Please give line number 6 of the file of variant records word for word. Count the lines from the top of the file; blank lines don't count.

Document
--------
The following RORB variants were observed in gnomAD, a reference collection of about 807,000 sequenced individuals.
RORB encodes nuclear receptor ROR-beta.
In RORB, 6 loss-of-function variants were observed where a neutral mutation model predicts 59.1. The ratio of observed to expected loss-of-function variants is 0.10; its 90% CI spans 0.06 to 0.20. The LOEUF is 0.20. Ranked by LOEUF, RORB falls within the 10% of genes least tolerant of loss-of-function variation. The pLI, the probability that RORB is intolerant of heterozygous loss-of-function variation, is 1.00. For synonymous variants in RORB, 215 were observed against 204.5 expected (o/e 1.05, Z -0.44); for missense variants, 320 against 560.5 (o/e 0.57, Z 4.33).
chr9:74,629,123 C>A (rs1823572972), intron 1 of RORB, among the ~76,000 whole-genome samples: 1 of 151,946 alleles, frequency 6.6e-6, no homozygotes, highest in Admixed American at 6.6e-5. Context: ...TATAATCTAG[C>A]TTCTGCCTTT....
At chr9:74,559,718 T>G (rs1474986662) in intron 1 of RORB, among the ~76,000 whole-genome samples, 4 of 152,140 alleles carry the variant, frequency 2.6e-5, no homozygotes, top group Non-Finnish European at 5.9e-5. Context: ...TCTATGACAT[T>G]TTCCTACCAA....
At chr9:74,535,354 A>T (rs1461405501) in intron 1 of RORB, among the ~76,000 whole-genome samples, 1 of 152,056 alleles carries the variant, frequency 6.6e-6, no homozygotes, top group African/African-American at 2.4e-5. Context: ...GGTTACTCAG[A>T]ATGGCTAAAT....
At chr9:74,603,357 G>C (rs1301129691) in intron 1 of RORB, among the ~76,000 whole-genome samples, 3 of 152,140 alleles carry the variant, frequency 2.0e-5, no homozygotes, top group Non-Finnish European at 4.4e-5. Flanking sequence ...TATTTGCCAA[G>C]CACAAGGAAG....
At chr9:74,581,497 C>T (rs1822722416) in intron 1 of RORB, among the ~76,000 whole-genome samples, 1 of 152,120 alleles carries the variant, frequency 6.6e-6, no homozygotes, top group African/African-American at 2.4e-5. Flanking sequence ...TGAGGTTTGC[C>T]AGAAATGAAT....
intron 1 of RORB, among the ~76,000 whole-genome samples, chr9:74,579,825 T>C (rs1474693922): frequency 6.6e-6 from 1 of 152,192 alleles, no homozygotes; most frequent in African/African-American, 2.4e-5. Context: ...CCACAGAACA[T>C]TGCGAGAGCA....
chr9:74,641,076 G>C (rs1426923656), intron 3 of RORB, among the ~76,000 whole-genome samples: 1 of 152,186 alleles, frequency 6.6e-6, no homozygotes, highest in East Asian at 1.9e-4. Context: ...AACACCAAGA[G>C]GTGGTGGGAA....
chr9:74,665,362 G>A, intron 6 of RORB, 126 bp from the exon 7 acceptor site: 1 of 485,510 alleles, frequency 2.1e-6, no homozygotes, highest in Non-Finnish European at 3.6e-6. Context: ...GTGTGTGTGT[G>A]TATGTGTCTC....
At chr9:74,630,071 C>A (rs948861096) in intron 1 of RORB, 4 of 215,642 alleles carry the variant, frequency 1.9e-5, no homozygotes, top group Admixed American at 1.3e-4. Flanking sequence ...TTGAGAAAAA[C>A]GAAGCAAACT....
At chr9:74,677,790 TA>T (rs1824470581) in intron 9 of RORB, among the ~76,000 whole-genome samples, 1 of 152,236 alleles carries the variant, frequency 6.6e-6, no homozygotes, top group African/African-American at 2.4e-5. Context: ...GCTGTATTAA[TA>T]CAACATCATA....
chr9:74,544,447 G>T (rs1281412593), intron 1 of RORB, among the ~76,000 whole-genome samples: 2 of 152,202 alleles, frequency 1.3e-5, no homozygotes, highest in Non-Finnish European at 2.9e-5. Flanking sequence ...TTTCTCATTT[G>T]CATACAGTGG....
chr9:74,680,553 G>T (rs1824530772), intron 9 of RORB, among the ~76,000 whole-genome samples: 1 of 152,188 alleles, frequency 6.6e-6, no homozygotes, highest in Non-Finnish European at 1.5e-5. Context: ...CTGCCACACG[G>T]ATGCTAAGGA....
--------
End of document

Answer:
At chr9:74,535,354 A>T (rs1461405501) in intron 1 of RORB, among the ~76,000 whole-genome samples, 1 of 152,056 alleles carries the variant, frequency 6.6e-6, no homozygotes, top group African/African-American at 2.4e-5. Context: ...GGTTACTCAG[A>T]ATGGCTAAAT....